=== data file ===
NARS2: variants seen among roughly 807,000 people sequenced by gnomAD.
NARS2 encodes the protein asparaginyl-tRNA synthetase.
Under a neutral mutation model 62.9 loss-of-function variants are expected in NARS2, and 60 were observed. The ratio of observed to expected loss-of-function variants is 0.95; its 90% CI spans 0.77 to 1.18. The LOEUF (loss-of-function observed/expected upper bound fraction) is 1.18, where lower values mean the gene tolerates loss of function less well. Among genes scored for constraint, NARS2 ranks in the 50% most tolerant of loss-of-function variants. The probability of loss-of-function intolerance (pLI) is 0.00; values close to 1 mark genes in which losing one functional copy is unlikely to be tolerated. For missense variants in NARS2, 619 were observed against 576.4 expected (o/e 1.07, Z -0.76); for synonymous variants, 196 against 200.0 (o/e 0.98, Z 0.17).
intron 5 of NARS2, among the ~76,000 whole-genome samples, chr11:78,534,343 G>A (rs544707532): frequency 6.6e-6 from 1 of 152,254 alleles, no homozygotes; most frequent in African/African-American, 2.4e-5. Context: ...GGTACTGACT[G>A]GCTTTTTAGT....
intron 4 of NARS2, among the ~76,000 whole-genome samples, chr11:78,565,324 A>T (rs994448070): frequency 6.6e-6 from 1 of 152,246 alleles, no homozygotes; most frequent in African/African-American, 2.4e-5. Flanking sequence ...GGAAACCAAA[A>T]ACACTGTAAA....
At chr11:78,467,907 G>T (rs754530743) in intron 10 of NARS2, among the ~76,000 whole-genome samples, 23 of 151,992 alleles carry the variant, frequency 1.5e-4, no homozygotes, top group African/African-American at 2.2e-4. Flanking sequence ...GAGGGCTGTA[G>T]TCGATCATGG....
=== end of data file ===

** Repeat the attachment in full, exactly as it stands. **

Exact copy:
NARS2: variants seen among roughly 807,000 people sequenced by gnomAD.
NARS2 encodes the protein asparaginyl-tRNA synthetase.
Under a neutral mutation model 62.9 loss-of-function variants are expected in NARS2, and 60 were observed. The ratio of observed to expected loss-of-function variants is 0.95; its 90% CI spans 0.77 to 1.18. The LOEUF (loss-of-function observed/expected upper bound fraction) is 1.18, where lower values mean the gene tolerates loss of function less well. Among genes scored for constraint, NARS2 ranks in the 50% most tolerant of loss-of-function variants. The probability of loss-of-function intolerance (pLI) is 0.00; values close to 1 mark genes in which losing one functional copy is unlikely to be tolerated. For missense variants in NARS2, 619 were observed against 576.4 expected (o/e 1.07, Z -0.76); for synonymous variants, 196 against 200.0 (o/e 0.98, Z 0.17).
intron 5 of NARS2, among the ~76,000 whole-genome samples, chr11:78,534,343 G>A (rs544707532): frequency 6.6e-6 from 1 of 152,254 alleles, no homozygotes; most frequent in African/African-American, 2.4e-5. Context: ...GGTACTGACT[G>A]GCTTTTTAGT....
intron 4 of NARS2, among the ~76,000 whole-genome samples, chr11:78,565,324 A>T (rs994448070): frequency 6.6e-6 from 1 of 152,246 alleles, no homozygotes; most frequent in African/African-American, 2.4e-5. Flanking sequence ...GGAAACCAAA[A>T]ACACTGTAAA....
At chr11:78,467,907 G>T (rs754530743) in intron 10 of NARS2, among the ~76,000 whole-genome samples, 23 of 151,992 alleles carry the variant, frequency 1.5e-4, no homozygotes, top group African/African-American at 2.2e-4. Flanking sequence ...GAGGGCTGTA[G>T]TCGATCATGG....